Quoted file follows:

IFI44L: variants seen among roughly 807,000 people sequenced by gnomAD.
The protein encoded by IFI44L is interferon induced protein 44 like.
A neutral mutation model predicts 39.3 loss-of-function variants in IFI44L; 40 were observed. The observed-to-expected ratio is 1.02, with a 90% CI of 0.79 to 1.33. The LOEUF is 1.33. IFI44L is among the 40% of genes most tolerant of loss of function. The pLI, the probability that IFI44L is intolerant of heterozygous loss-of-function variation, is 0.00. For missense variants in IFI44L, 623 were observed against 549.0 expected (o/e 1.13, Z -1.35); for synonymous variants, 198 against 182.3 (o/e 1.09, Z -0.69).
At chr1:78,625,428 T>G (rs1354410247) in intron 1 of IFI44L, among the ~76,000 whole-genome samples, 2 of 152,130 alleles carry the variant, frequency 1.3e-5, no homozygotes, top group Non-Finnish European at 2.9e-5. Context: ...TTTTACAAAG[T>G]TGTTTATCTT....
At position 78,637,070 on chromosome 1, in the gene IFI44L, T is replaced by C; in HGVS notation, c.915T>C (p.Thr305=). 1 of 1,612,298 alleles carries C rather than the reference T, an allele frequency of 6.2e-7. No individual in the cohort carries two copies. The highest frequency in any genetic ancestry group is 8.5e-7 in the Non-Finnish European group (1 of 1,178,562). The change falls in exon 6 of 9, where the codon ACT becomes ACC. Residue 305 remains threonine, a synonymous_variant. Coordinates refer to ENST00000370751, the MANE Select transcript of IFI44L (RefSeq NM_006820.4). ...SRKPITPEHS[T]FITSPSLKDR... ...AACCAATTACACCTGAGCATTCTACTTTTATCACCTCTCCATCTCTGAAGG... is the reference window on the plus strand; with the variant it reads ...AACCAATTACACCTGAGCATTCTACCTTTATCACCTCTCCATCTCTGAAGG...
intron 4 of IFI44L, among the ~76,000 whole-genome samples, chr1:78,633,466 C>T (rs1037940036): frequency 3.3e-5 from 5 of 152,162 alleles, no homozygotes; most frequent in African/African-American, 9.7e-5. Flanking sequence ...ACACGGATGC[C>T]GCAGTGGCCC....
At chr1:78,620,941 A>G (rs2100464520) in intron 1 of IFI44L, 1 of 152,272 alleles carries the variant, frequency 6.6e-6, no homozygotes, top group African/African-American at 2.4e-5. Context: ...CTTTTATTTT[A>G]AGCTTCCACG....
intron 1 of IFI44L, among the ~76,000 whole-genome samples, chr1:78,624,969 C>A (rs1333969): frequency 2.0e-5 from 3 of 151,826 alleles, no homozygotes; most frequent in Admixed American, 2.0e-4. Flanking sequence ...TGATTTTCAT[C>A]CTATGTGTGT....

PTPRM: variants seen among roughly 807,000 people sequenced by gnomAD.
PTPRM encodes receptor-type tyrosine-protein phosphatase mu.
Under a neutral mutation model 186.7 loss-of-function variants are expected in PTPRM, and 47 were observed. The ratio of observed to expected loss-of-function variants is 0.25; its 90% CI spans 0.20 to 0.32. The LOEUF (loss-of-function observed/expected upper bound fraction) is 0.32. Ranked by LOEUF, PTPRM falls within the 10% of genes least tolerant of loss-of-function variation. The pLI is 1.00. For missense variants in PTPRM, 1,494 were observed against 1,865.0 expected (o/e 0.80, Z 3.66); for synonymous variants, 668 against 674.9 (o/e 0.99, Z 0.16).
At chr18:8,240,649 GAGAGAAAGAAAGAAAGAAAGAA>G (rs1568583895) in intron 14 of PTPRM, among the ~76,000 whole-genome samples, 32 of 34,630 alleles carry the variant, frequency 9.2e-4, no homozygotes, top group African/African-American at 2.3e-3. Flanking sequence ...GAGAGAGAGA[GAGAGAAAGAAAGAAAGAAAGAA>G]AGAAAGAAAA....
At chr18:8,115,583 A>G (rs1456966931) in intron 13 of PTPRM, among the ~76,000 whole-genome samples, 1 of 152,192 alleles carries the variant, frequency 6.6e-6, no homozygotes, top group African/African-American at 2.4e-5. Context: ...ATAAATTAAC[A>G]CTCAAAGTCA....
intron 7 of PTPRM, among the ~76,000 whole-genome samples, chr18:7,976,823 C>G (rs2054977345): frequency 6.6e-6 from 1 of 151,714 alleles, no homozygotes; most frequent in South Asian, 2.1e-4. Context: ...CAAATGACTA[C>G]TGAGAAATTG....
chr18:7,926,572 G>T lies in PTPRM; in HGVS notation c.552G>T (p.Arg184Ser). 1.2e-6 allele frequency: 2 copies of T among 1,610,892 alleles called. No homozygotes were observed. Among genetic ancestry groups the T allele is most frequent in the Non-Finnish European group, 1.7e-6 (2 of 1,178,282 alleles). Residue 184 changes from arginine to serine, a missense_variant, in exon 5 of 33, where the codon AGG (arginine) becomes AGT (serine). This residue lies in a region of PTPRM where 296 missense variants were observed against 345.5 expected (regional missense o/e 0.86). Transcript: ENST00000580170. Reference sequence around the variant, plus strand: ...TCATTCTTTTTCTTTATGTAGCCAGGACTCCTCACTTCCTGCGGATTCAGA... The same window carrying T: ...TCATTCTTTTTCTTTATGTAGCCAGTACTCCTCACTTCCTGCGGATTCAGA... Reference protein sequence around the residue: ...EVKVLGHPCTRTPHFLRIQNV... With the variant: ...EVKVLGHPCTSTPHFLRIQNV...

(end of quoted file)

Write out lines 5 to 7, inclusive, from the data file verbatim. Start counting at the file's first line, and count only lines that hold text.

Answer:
At position 78,637,070 on chromosome 1, in the gene IFI44L, T is replaced by C; in HGVS notation, c.915T>C (p.Thr305=). 1 of 1,612,298 alleles carries C rather than the reference T, an allele frequency of 6.2e-7. No individual in the cohort carries two copies. The highest frequency in any genetic ancestry group is 8.5e-7 in the Non-Finnish European group (1 of 1,178,562). The change falls in exon 6 of 9, where the codon ACT becomes ACC. Residue 305 remains threonine, a synonymous_variant. Coordinates refer to ENST00000370751, the MANE Select transcript of IFI44L (RefSeq NM_006820.4). ...SRKPITPEHS[T]FITSPSLKDR... ...AACCAATTACACCTGAGCATTCTACTTTTATCACCTCTCCATCTCTGAAGG... is the reference window on the plus strand; with the variant it reads ...AACCAATTACACCTGAGCATTCTACCTTTATCACCTCTCCATCTCTGAAGG...
intron 4 of IFI44L, among the ~76,000 whole-genome samples, chr1:78,633,466 C>T (rs1037940036): frequency 3.3e-5 from 5 of 152,162 alleles, no homozygotes; most frequent in African/African-American, 9.7e-5. Flanking sequence ...ACACGGATGC[C>T]GCAGTGGCCC....
At chr1:78,620,941 A>G (rs2100464520) in intron 1 of IFI44L, 1 of 152,272 alleles carries the variant, frequency 6.6e-6, no homozygotes, top group African/African-American at 2.4e-5. Context: ...CTTTTATTTT[A>G]AGCTTCCACG....